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March 07, 2011
A's stadium holdup is a money issue and a territorial issue and a floor wax!
So San Francisco Chronicle columnist Ray Ratto was on a podcast the other day to discuss the Oakland A's stadium situation and, well, let's let the fine folks at newballpark.org transcribe from there:
The "Blue Ribbon Committee" is a fraud. The territorial rights argument is a fraud. This is about one thing and one thing only, and it's always been about this: Do the A's have the money to put a shovel in the ground? If they had the money to put a shovel in the ground, we would've gone to Bud Selig and said, "We're ready to go now." And then Bud Selig can either tell the committee to produce a report or he could just go without it and start harvesting votes if they really want this to happen. I think it is incumbent upon the A's to show that they're ready to go right now and the fact that they keep saying, "well we haven't seen the blue ribbon report..." You know what? That's due diligence and you're supposed to do that. If you've got that stuff down you're already working at that.
...In the current economic climate, where you really need help from cities and states to get buildings done if you don't want to go into your own personal debt. I think that the idea of a San Jose stadium is really fading. It may be dead at this point. It's taken too long for the A's to get what ducks they have in a row, in a row. So I think the problem here is the A's needed more help than they let on and now they're stuck.
As newballpark.org notes, this is sheer wild speculation, and not even especially logical speculation given what it calls the "black hole of information around Selig." Continues writer Marine Layer:
I've said before that Selig isn't going to act until at least one of these cities has all of their ducks in a row. That means the site, legal/political clearances, everything. San Jose isn't there yet. Oakland isn't there yet. And the Grim Reaper is coming fast for cities. Plus there's the possibility that upcoming CBA negotiations will come into play, especially because the biggest debate will be about revenue sharing. If you're Selig, why would you lift a finger until this other stuff shakes out? I wouldn't.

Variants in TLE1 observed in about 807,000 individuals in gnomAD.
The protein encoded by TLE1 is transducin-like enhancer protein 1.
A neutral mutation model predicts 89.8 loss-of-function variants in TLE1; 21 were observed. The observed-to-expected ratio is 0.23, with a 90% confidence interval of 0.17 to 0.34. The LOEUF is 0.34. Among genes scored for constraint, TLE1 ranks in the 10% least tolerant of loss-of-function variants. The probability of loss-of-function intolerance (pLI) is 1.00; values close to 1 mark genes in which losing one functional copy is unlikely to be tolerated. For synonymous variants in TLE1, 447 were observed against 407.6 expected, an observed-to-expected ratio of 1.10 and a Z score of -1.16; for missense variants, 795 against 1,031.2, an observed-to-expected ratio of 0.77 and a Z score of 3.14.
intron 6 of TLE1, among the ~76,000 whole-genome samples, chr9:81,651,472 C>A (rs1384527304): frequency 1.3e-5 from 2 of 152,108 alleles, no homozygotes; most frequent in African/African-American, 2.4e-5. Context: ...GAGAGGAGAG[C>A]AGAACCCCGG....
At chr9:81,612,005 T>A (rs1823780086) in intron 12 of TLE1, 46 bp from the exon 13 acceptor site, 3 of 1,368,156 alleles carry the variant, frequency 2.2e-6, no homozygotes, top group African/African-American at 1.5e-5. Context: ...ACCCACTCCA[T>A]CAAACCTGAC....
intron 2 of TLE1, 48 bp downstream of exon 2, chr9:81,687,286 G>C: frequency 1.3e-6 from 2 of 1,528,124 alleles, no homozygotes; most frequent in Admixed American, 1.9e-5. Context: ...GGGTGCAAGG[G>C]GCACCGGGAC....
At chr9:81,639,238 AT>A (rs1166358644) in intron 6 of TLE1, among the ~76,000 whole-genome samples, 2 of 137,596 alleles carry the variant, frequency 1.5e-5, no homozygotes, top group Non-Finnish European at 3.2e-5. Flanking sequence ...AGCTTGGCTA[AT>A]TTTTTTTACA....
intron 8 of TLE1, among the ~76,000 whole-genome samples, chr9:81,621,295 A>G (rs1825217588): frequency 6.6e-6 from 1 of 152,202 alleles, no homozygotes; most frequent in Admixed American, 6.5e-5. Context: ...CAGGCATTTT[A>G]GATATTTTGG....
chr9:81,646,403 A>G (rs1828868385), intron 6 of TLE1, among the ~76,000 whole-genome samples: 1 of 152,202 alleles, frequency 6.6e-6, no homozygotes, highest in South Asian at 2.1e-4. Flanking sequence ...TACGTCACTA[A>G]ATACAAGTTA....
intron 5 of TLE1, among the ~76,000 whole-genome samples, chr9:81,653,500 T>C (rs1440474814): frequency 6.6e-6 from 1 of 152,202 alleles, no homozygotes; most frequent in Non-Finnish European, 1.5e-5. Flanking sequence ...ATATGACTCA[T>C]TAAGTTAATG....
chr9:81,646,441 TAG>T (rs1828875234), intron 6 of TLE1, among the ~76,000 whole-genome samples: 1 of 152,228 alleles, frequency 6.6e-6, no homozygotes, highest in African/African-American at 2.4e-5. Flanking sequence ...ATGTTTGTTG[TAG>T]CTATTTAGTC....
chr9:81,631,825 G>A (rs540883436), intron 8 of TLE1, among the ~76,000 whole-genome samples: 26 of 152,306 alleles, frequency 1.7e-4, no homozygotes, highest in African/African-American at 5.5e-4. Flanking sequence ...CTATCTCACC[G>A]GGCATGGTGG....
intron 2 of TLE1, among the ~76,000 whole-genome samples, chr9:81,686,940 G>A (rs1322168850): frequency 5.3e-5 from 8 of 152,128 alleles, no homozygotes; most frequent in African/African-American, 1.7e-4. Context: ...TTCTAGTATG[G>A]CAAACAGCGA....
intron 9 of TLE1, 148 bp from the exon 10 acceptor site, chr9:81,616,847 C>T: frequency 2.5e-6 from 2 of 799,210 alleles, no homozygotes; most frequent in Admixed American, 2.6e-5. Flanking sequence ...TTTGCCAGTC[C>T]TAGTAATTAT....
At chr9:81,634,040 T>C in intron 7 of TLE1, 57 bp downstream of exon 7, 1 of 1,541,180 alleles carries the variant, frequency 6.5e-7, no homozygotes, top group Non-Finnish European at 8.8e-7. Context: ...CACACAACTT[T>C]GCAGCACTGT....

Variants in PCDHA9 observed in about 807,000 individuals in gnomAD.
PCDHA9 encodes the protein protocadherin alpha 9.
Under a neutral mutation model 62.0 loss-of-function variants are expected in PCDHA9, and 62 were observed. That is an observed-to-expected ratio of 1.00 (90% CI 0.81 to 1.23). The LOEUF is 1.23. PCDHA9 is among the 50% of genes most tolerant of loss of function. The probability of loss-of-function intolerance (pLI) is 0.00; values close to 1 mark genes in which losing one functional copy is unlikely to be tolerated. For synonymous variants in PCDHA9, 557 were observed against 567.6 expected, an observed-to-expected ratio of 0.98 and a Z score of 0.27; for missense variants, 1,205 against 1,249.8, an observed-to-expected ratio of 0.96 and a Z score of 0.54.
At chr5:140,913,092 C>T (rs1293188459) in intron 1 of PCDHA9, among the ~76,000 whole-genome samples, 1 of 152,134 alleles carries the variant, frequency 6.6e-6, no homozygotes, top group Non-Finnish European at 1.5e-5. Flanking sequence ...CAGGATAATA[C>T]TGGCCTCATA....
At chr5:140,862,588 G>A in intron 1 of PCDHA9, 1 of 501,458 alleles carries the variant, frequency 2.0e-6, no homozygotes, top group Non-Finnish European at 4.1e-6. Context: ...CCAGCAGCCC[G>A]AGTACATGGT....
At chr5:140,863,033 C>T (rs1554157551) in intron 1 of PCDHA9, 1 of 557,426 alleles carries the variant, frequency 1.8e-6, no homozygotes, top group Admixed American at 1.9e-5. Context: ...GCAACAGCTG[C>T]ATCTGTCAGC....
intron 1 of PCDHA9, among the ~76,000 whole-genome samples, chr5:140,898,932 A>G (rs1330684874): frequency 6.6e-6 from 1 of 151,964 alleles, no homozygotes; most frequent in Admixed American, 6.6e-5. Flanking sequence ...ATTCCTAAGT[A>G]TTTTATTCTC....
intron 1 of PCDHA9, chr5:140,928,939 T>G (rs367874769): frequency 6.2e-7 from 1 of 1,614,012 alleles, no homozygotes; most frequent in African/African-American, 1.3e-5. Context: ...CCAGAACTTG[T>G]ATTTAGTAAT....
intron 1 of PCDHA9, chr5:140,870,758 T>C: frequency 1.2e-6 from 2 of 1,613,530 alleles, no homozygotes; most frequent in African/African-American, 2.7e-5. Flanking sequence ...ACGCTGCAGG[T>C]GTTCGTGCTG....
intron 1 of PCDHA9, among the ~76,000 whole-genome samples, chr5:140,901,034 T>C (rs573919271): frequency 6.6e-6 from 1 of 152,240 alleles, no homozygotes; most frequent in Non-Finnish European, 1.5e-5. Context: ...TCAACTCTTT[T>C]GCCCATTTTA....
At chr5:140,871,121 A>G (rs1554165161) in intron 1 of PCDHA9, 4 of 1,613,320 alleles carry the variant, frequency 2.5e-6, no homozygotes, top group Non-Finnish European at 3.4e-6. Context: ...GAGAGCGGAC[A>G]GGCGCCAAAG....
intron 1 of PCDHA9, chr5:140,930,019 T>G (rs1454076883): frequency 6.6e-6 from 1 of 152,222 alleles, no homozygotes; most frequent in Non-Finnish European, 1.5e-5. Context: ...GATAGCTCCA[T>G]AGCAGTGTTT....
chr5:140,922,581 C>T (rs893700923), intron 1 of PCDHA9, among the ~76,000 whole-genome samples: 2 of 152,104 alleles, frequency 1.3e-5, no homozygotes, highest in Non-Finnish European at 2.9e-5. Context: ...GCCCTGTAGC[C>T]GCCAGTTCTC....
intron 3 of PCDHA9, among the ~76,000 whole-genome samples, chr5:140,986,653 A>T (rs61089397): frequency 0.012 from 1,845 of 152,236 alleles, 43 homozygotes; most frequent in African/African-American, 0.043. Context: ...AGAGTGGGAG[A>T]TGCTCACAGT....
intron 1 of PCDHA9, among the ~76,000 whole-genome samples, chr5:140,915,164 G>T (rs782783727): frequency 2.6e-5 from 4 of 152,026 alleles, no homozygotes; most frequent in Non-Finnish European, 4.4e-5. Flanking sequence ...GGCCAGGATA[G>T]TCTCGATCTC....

And there's a further point that Marine Layer doesn't get into: It doesn't make any sense to say "it's not the territorial rights, it's whether Wolff has the money" when how much money Wolff needs is directly dependent on how the territorial rights are worked out. As I wrote a month and a half ago:
To make a San Jose A's move work, then, you'd need to generate enough new revenue to:
* Pay off the Giants' indemnification demands for giving up Silicon Valley;
* Generate around $30 million a year extra to pay off the estimated $461 million construction cost of the San Jose stadium that Wolff says he will build himself (California being probably the hardest state in the nation to get taxpayer stadium funds approved in, given its stringent public referendum requirements); and
* Leave some money left over to pay all those free agents that Rosenthal insists would come a-running as soon as the A's were out from the shadow of Mount Davis. Figure $50-60 million total at minimum--and it would all need to come from new San Jose fans, less the number of lost Oakland fans.
It's a tough mathematical nut to crack, even when you don't have two sides playing North-going Zax and South-going Zax.
The nut becomes less tough, clearly, if Item A is reduced. Which is what I've been saying all along: It's not a question of how much money Lew Wolff has in his piggy bank; it's a question of whether he can cut a deal that makes the Giants (and by extention Selig) happy without cutting so deeply into his revenues that a San Jose stadium deal no longer pencils out.